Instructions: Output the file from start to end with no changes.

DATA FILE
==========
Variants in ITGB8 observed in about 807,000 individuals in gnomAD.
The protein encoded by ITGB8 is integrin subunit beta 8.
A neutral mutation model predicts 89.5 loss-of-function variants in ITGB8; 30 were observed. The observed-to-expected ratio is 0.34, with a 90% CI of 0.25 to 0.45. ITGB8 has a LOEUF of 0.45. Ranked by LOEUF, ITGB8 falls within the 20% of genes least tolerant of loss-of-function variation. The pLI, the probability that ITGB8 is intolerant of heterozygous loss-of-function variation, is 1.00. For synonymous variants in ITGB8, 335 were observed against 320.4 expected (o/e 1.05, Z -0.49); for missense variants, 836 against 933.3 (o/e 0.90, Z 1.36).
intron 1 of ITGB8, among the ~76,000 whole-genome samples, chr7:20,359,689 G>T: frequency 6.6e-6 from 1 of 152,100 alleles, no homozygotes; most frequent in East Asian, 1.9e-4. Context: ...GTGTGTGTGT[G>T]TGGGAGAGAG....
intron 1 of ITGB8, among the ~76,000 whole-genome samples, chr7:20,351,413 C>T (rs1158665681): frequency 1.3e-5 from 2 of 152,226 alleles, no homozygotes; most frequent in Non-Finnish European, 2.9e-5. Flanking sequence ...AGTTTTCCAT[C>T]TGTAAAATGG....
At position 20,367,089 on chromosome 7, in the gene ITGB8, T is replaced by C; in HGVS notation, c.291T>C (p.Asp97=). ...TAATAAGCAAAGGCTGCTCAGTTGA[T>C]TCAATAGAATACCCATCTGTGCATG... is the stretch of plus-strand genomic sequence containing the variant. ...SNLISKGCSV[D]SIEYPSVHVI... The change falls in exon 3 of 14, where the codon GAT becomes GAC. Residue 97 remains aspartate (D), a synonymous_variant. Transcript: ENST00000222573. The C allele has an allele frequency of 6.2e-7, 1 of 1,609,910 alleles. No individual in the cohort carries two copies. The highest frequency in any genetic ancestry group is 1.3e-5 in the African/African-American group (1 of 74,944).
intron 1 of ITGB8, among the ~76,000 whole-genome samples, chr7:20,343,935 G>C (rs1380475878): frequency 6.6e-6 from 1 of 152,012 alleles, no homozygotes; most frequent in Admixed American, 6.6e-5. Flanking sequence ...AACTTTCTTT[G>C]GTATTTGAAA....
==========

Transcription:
Variants in ITGB8 observed in about 807,000 individuals in gnomAD.
The protein encoded by ITGB8 is integrin subunit beta 8.
A neutral mutation model predicts 89.5 loss-of-function variants in ITGB8; 30 were observed. The observed-to-expected ratio is 0.34, with a 90% CI of 0.25 to 0.45. ITGB8 has a LOEUF of 0.45. Ranked by LOEUF, ITGB8 falls within the 20% of genes least tolerant of loss-of-function variation. The pLI, the probability that ITGB8 is intolerant of heterozygous loss-of-function variation, is 1.00. For synonymous variants in ITGB8, 335 were observed against 320.4 expected (o/e 1.05, Z -0.49); for missense variants, 836 against 933.3 (o/e 0.90, Z 1.36).
intron 1 of ITGB8, among the ~76,000 whole-genome samples, chr7:20,359,689 G>T: frequency 6.6e-6 from 1 of 152,100 alleles, no homozygotes; most frequent in East Asian, 1.9e-4. Context: ...GTGTGTGTGT[G>T]TGGGAGAGAG....
intron 1 of ITGB8, among the ~76,000 whole-genome samples, chr7:20,351,413 C>T (rs1158665681): frequency 1.3e-5 from 2 of 152,226 alleles, no homozygotes; most frequent in Non-Finnish European, 2.9e-5. Flanking sequence ...AGTTTTCCAT[C>T]TGTAAAATGG....
At position 20,367,089 on chromosome 7, in the gene ITGB8, T is replaced by C; in HGVS notation, c.291T>C (p.Asp97=). ...TAATAAGCAAAGGCTGCTCAGTTGA[T>C]TCAATAGAATACCCATCTGTGCATG... is the stretch of plus-strand genomic sequence containing the variant. ...SNLISKGCSV[D]SIEYPSVHVI... The change falls in exon 3 of 14, where the codon GAT becomes GAC. Residue 97 remains aspartate (D), a synonymous_variant. Transcript: ENST00000222573. The C allele has an allele frequency of 6.2e-7, 1 of 1,609,910 alleles. No individual in the cohort carries two copies. The highest frequency in any genetic ancestry group is 1.3e-5 in the African/African-American group (1 of 74,944).
intron 1 of ITGB8, among the ~76,000 whole-genome samples, chr7:20,343,935 G>C (rs1380475878): frequency 6.6e-6 from 1 of 152,012 alleles, no homozygotes; most frequent in Admixed American, 6.6e-5. Flanking sequence ...AACTTTCTTT[G>C]GTATTTGAAA....